Art & Identity in New Orleans

HNRS 109 Spring '18

Jean Laffite – Smuggler, Hero, or Both?

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I intend to pursue the topic of smuggling in New Orleans, one of the trades that the city was founded upon (if inadvertently). Through this study, I hope to further unveil the exploits of Jean Laffite, a historical figure of great controversy that continues to befuddle historians to this day.

Jean Laffite, his brother Pierre Laffite, and their gang of Barataria pirates were notorious throughout New Orleans for smuggling not only goods and produce, but slaves as well. Initially painted as a Robin Hood-type figure, Jean Laffite seemed to fall from this pedestal as his gang continued to partake in the international slave trade well after the 1808 Article 1 Section 9 of the United States Constitution was passed and enforced.  He was no longer the harrowing figure he had been, which led to a larger target being placed on him. Yet due to Laffite’s powerful influence and intensely compelling lawyers, he and his men evaded prison for years.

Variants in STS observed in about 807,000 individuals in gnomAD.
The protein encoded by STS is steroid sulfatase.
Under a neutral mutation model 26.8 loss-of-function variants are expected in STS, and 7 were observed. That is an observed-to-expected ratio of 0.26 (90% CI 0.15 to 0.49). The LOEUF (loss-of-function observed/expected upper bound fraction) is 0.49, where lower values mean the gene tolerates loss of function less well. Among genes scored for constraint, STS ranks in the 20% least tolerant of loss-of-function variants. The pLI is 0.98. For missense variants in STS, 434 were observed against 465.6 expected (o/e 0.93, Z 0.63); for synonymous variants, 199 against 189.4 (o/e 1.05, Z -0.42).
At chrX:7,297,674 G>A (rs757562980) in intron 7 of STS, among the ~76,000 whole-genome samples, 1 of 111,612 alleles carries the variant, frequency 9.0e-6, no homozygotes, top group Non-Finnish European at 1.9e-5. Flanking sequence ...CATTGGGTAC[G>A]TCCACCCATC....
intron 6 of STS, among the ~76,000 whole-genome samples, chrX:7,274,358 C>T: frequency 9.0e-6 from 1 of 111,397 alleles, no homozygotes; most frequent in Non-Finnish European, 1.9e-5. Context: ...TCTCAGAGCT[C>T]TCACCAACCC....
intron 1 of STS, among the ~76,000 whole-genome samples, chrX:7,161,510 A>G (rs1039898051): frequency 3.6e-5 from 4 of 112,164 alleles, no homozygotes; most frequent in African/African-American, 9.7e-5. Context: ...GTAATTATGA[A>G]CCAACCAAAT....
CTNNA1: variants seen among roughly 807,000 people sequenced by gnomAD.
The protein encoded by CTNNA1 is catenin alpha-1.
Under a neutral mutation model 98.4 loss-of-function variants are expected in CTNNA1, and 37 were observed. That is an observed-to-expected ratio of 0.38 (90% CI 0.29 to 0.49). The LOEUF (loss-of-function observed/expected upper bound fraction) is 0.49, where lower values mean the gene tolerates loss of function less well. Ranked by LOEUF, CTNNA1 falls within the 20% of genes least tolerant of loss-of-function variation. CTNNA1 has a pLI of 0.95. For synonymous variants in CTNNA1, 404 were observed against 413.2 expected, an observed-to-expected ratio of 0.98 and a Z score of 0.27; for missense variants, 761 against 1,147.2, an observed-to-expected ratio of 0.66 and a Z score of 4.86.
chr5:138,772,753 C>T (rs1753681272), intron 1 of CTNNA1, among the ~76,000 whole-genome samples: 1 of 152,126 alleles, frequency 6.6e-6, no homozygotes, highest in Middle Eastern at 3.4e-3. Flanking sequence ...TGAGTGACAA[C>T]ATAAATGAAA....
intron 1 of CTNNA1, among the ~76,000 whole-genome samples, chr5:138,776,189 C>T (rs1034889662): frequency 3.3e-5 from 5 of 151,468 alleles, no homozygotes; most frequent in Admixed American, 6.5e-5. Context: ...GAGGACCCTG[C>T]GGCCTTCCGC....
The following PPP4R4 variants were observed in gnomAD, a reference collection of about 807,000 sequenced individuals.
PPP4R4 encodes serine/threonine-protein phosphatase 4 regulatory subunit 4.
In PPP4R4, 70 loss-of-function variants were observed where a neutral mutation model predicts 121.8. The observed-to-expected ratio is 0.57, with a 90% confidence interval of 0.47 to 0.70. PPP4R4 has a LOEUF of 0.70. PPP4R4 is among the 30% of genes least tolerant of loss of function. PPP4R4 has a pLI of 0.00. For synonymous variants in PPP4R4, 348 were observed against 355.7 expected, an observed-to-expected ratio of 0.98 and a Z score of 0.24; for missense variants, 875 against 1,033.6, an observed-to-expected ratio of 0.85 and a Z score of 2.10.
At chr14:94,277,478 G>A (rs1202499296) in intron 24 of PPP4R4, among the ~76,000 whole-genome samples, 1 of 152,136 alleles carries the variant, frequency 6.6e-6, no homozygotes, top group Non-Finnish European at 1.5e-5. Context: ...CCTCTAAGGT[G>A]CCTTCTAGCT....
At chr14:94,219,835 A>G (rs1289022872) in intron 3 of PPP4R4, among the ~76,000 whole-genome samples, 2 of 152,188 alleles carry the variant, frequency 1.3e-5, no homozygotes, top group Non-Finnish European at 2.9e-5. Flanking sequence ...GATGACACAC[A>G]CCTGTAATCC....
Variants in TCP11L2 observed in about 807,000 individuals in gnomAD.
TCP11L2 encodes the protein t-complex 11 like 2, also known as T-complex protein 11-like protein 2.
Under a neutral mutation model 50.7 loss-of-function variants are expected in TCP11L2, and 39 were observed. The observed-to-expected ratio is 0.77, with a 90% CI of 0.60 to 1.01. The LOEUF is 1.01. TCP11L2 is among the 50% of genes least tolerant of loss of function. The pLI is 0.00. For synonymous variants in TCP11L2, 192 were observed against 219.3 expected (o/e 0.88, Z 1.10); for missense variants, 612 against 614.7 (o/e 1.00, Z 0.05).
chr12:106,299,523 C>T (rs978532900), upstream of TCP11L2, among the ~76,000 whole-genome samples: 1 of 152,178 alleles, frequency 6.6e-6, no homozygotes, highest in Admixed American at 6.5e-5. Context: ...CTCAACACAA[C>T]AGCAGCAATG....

Eventually, Andrew Jackson caught Laffite but gave him the opportunity to redeem himself and his men during the War of 1812. Out of which, they arose victorious and pardoned heroes.

Thus, do Jean Laffite’s days as a war hero in 1812 counteract the egregious acts he committed prior to his battle prowess? Was Jean Laffite truly a folk hero and a true patriot of the United States of America? Or was he merely a romanticized scoundrel that went to the highest bidder – whether it be for money or for his life and freedom?

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